So I was giving some thought the other day as to just how long it would be before we invaded another country. After all, the mainstream is now more in agreement with us that Iraq is a total fiasco; Bush’s approval ratings are floating consistently at 1 in 3; the war on terror is still a hot item, but seems less likely to promote overseas adventuring as it did the last two times.
Adding all of those factors up, I’m thinking February is probably when we’re going to start putting new enemies in the crosshairs. Maybe March.
Jeff, what the hell’s in your coffee? How can you think that? Americans are too tired of war to support another one.
Nah. You’re being too kind to Americans. Americans are tired of losing. Give them a spiffy new enemy to attack — and to conveniently push the bad news about Iraq off the front pages, as Iraq did to Afghanistan — and they’ll line right back up again with the flag-waving and “they can’t do that to us” rhetoric.
Who exactly do you have in mind here?
Iran, of course. We can’t go to North Korea — it’s too far and not central to our political spectrum, no matter what kind of weapons systems they might have. Besides, Pyongyang can completely pave over Seoul; I think that might be an effective secondary deterrent to trying anything.
Sure, but the Iranians can do the same to Israel.
At the cost of intensifying any conflict into something similar to World War III. Something like that would bring both the Europeans and the Coalition of Jew-Hating Nations on board in a big way. And once that happens, all hell breaks loose. Israel has nukes and would definitely use them if it felt it were a matter of national survival. We have nukes and we’ve said we’d use them if we felt like it.
You don’t think Bush wants to start World War III, do you?
No — but I wouldn’t put him past wanting to win World War III. Look at the thinking that went into the Iraq invasion; the goal there was to remake the Middle East in the neoconservative image. Now that the tactic has been proved wrong in their first choice of target, I think there’s interest in finding a new way to implement their overall and not-yet-discredited strategy (in their minds), by putting more nations in play.
What are you smoking? How can you think that Bush would still be thinking of attacking Iran, with everything that’s happened?
You need to read more Seymour Hersh. Frighteningly often, the sources he quotes are talking about operational plans for Iran, not just theoretical war-gaming.
You think the American people would stand for that?
The American people, so far, have stood for torture of the innocent, not caring much about civilian body counts, and any number of other atrocities in the name of protecting ourselves. Sure. I think the next war would go down smoothly with just a little bit of that Karl Rove lubrication.
What about Congress?
What about Congress? This is the main reason I’m thinking next February; last time we did this, it was in a similar time frame after midterm elections. Let’s review the three possibilities for early 2007:
1) Status quo of Republican control is maintained. GOP declares universal mandate of heaven while Democrats act like a eunuch who was somehow castrated thrice. Bush can do what he wants.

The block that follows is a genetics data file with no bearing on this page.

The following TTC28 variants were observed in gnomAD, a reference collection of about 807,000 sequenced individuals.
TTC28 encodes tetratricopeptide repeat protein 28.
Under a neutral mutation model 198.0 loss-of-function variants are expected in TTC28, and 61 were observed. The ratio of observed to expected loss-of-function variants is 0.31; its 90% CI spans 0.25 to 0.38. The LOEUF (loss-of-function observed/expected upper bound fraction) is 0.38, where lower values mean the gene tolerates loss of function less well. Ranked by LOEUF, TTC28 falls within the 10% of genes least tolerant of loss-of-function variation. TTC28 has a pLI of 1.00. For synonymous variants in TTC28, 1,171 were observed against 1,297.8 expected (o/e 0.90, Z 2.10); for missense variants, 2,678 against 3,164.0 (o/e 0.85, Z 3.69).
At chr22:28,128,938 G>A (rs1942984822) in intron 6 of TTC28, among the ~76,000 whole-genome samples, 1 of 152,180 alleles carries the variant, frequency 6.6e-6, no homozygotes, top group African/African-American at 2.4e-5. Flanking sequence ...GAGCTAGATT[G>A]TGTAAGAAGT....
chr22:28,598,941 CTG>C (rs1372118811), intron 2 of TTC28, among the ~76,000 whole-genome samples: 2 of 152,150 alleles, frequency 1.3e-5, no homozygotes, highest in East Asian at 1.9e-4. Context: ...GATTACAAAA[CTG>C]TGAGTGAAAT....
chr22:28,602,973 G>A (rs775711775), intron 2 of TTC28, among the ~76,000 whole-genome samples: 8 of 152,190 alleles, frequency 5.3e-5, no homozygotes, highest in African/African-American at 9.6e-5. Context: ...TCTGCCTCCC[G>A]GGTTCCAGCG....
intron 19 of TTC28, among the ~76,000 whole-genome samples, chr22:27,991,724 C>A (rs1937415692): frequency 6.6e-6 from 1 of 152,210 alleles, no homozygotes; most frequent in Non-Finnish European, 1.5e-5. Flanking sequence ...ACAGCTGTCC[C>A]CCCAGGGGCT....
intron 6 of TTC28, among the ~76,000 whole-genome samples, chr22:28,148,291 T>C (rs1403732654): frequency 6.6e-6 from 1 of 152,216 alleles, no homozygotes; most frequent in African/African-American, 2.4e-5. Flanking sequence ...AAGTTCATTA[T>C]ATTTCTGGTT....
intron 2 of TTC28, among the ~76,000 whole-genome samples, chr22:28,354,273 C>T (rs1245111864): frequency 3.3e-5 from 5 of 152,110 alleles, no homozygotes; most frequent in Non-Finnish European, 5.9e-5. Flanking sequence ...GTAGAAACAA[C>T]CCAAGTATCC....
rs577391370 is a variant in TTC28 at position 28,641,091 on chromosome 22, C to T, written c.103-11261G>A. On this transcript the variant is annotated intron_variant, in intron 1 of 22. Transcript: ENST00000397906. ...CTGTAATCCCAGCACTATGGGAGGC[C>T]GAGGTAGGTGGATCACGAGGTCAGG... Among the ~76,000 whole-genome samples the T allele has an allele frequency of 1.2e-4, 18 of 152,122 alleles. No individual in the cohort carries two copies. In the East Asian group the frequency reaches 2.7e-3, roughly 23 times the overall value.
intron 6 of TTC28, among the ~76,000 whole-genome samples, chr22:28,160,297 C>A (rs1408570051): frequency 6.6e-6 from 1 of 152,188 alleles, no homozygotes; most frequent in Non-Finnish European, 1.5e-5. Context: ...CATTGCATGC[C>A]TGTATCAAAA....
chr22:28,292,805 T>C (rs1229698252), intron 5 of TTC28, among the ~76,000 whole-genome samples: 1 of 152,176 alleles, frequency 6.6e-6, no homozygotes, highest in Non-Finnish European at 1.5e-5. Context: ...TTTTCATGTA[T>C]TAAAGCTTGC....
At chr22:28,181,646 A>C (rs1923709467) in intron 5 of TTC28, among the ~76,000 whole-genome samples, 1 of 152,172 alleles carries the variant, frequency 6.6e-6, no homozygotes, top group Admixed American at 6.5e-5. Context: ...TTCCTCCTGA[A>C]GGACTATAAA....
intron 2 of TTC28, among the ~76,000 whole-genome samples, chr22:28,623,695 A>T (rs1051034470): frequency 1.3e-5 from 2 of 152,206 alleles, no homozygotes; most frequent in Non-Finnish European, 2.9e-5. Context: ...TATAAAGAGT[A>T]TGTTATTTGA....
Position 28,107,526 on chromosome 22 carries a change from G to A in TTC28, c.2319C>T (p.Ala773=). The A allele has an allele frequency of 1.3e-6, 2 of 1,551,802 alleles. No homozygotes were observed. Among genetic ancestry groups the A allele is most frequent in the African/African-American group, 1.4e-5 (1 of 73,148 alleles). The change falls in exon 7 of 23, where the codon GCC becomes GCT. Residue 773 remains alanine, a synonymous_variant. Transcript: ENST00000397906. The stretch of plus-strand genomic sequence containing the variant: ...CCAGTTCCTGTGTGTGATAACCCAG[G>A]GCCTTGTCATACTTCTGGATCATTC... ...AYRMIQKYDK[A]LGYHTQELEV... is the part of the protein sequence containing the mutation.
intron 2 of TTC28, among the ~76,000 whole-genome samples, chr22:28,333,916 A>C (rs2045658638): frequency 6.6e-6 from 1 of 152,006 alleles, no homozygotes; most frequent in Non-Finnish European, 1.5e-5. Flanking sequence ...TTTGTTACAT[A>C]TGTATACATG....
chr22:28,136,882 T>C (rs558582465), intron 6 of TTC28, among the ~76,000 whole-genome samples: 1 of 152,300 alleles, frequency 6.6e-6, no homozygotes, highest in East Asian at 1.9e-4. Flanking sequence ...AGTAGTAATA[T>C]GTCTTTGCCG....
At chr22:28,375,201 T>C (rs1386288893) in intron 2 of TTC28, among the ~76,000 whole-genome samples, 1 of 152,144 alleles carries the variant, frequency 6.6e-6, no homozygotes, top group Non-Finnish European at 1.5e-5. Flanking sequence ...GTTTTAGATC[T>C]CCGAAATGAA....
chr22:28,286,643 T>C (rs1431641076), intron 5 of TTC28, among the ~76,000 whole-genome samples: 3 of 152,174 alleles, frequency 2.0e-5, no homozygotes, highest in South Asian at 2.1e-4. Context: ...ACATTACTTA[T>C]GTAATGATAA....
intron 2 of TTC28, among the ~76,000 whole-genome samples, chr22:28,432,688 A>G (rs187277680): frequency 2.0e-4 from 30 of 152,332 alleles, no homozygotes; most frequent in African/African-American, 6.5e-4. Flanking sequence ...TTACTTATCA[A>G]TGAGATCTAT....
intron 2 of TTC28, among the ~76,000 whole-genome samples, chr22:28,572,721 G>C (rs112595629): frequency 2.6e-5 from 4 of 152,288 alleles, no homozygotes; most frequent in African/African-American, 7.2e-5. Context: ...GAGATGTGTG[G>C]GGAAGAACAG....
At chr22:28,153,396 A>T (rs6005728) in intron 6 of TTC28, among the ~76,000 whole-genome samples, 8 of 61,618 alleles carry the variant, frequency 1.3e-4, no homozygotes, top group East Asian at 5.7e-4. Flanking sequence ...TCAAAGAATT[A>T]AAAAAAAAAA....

2) Split control of Congress. Democrats are still learning how to find their ass with both hands (and are already publicly squabbling over 2008); Bush can do what he wants while the Republican attack machine from the rest of Congress and the Fox media keep them on the defensive.
3) Democrats control Congress. Bush does what he wants, continues on his “to hell with Congress” path, goes to war on executive order, and dares Congress to attempt to stop his war legislatively. Any questions who’ll win that fight in the land of the free and the home of the fear-stricken?
But option 3 is fantasyland anyway. At best, it’ll be split, and what I’m expecting is that the Democrats will be rocked back on the defensive around September (possibly by anti-Iranian bellicosity), and Congress stays largely the same it is now.
We have far too much of our military tied up already; we’re stretched too thin to attack someone else.
You forget, we have nukes.
You have clearly gone insane.
Really? Let me remind you — how many other times in the past six years have we said, “Bush would never do that, that’s going too far, it’s unimaginable, the people wouldn’t stand for it”? Shall I make a list? Now ask yourself — do people really think that using nuclear weapons is an act of unmitigated evil, or just opening up the holiest can of American whoop-ass we’ve got?
Sure, a year or two later, when the world’s media are saturated with pictures of the Tehran Glass Fields, I’d expect to see universal repudiation of what he’d done. But that doesn’t stop him in the first place. It doesn’t prevent the army of apologists to allow it to occur — much as our originally being right about the end results in Iraq didn’t stop that from happening. And frankly, I’ve been let down too often by counting on Americans repudiating their government to think that much of anything will provoke them.
Man, that’s awfully cynical.
Okay, I’ll ask you three questions:
1) Why did George Bush invade Iraq, and how does he think he’s going to improve upon that situation in the two years he has left?
2) Do you believe the Bush administration is adverse to warfare to accomplish its goals? What political or mental process would internally dissuade the Bush administration from going to war if they made that decision?
3) If they did go forward with those plans, what political forces outside the administration would stop them?
So, yeah. I’m thinking March.